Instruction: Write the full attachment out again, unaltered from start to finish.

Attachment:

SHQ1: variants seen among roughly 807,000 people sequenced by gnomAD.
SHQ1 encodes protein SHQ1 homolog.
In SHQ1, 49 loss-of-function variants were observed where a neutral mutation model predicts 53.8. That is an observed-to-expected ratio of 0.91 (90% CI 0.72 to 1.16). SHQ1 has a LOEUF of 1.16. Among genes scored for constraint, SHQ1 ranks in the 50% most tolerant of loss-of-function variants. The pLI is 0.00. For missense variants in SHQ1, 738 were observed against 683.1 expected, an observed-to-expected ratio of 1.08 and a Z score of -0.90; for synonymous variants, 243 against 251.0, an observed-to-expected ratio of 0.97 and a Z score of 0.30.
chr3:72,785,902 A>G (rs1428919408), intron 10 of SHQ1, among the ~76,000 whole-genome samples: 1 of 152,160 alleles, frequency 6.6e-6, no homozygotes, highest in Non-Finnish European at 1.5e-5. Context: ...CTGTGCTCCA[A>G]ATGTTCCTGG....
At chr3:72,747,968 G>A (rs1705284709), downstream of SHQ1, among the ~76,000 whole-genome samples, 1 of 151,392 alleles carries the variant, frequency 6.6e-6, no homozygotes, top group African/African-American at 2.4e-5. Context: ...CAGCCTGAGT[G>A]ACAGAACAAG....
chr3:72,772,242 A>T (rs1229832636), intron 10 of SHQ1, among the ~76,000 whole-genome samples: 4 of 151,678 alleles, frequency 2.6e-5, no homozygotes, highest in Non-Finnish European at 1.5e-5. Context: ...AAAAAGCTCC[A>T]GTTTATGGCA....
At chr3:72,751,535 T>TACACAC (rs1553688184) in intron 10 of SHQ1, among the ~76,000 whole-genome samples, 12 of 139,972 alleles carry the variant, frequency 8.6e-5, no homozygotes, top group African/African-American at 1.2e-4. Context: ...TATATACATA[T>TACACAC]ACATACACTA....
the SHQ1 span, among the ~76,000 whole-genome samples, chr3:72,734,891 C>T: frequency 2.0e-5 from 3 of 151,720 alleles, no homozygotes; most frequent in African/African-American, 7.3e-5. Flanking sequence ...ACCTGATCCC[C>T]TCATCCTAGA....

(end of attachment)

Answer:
SHQ1: variants seen among roughly 807,000 people sequenced by gnomAD.
SHQ1 encodes protein SHQ1 homolog.
In SHQ1, 49 loss-of-function variants were observed where a neutral mutation model predicts 53.8. That is an observed-to-expected ratio of 0.91 (90% CI 0.72 to 1.16). SHQ1 has a LOEUF of 1.16. Among genes scored for constraint, SHQ1 ranks in the 50% most tolerant of loss-of-function variants. The pLI is 0.00. For missense variants in SHQ1, 738 were observed against 683.1 expected, an observed-to-expected ratio of 1.08 and a Z score of -0.90; for synonymous variants, 243 against 251.0, an observed-to-expected ratio of 0.97 and a Z score of 0.30.
chr3:72,785,902 A>G (rs1428919408), intron 10 of SHQ1, among the ~76,000 whole-genome samples: 1 of 152,160 alleles, frequency 6.6e-6, no homozygotes, highest in Non-Finnish European at 1.5e-5. Context: ...CTGTGCTCCA[A>G]ATGTTCCTGG....
At chr3:72,747,968 G>A (rs1705284709), downstream of SHQ1, among the ~76,000 whole-genome samples, 1 of 151,392 alleles carries the variant, frequency 6.6e-6, no homozygotes, top group African/African-American at 2.4e-5. Context: ...CAGCCTGAGT[G>A]ACAGAACAAG....
chr3:72,772,242 A>T (rs1229832636), intron 10 of SHQ1, among the ~76,000 whole-genome samples: 4 of 151,678 alleles, frequency 2.6e-5, no homozygotes, highest in Non-Finnish European at 1.5e-5. Context: ...AAAAAGCTCC[A>T]GTTTATGGCA....
At chr3:72,751,535 T>TACACAC (rs1553688184) in intron 10 of SHQ1, among the ~76,000 whole-genome samples, 12 of 139,972 alleles carry the variant, frequency 8.6e-5, no homozygotes, top group African/African-American at 1.2e-4. Context: ...TATATACATA[T>TACACAC]ACATACACTA....
the SHQ1 span, among the ~76,000 whole-genome samples, chr3:72,734,891 C>T: frequency 2.0e-5 from 3 of 151,720 alleles, no homozygotes; most frequent in African/African-American, 7.3e-5. Flanking sequence ...ACCTGATCCC[C>T]TCATCCTAGA....